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Stories from the past

All articles copyrighted by the Guymon Daily Herald. Used by permission.


Panhandle Party

Panhandle Settlers celebrated statehood 95 years ago with big drinking party

The following article appeared in the Guymon Daily Herald, Sat/Sun, November 16/17, 2002.
The article was written by Nikki Brewer.

GUYMON, OKLA. - Happy Birthday to you, Oklahoma!! November 16, 1907, Oklahoma bacame the 46th state. Several transformations changed the territory into the beginning of small towns, communities and families.

The entire territory in the Oklahoma Panhandle, including Guymon, was in Beaver County. On the day of statehood the county was divided up into the three present day counties, Beaver, Texas and Cimarron.

According to Ken Turner, curator of the No Man's Land Museum in Goodwell, Nov. 16 also marks the birthday for Guymon becoming the county seat of Texas County.

He also commented on another interesting aspect of statehood. Oklahoma as a territory was not "dry," for it allowed alcohol to be served, drank and sold within it's locales.

Once Oklahoma became a state it would no longer be a "wet" territory. So, the evening before statehood, the saloons served free drinks to anyone.

"It was probably one of the biggest parties ever in the history of the Panhandle," Turner said.

He also added that the Senate Saloon on Main Street of Guymon changed its name to Senate Smokehouse to avoid closing it's doors after statehood.

Since it was no longer a good place to get a cold drink, Oklahoma became the place "to strike it rich" when the discovery of oil was announced to all,

The land runs had attracted settlers from all around the world. Opportunity seekers from Poland, Germany, Ireland and Slavic nations came to claim their own piece of land.

According to the Oklahoma state website, Oklahoma was inhabited already by American Indians and African Americans that had traveled along as the Indian's slaves.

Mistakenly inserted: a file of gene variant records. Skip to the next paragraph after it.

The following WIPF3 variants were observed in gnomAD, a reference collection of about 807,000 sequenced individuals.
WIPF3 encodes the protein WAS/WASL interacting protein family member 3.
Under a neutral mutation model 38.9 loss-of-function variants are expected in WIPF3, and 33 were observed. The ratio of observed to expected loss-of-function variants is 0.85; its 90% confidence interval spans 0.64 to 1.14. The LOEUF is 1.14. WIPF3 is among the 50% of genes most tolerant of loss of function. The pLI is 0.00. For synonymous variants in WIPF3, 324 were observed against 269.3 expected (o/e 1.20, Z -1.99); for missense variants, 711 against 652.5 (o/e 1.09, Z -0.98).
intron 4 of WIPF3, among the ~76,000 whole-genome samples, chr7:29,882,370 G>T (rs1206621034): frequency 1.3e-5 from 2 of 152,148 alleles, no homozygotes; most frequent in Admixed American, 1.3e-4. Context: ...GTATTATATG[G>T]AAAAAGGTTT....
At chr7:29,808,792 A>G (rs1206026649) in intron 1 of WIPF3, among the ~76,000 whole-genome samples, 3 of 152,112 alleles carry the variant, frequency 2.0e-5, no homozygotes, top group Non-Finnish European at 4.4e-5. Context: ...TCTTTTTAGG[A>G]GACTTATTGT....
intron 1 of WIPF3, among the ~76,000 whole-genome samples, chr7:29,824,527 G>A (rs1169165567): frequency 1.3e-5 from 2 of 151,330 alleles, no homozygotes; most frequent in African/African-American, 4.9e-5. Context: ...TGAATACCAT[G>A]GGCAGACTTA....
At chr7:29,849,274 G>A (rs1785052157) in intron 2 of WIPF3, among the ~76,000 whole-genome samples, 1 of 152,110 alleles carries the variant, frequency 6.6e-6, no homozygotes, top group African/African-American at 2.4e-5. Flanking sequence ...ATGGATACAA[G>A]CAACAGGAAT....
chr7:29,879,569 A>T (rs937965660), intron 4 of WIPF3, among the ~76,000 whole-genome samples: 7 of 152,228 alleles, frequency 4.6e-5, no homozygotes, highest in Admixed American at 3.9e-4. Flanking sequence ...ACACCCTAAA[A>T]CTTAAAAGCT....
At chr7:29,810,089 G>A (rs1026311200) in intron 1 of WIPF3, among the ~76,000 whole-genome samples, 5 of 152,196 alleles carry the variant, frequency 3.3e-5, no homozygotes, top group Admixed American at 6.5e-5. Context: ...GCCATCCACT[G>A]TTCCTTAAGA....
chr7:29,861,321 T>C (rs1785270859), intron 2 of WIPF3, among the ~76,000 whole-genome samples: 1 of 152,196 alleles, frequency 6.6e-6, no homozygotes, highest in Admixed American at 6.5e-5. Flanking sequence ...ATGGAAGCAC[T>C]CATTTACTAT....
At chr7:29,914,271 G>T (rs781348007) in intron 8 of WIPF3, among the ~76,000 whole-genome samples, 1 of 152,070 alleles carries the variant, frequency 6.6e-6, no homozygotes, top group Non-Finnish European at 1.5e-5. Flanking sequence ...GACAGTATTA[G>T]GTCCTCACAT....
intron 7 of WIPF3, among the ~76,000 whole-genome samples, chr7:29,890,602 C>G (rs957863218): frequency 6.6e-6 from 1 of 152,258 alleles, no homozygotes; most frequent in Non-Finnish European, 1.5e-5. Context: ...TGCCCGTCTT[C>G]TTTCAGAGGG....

They were forced here by treaties enacted after the Civil War. The U.S. Government forced the tribes to give up their lands and move west to the territory we now call home.

Also from the website, the history of the African Americans in Oklahoma gave a surprising view into our state's history.

The story of African Americans in Oklahoma is a unique story unlike any others in the U.S. States.

By statehood, they out numbered both Indians and first and second generation Europeans. They created more all-black towns in Oklahoma than in the rest of the country combined.

These people produced some of the country's greatest jazz music and led some of the nation's geatest civil rights battles.

Eventually, 27 black towns grew to comprise ten percent of the territory's population. The Indian heritage had much to do with Oklahoma. According to the website the state's name, "Oklahoma" comes from the Choctaw words "okla" meaning people and "humma" meaning red, so the name literally means "red people."

This year many Oklahoman's will celebrate statehood day by dedicating the new dome on the state capitol building. A full day of concerts, exhibits and a fireworks display will commemorate our state's 95th birthday.


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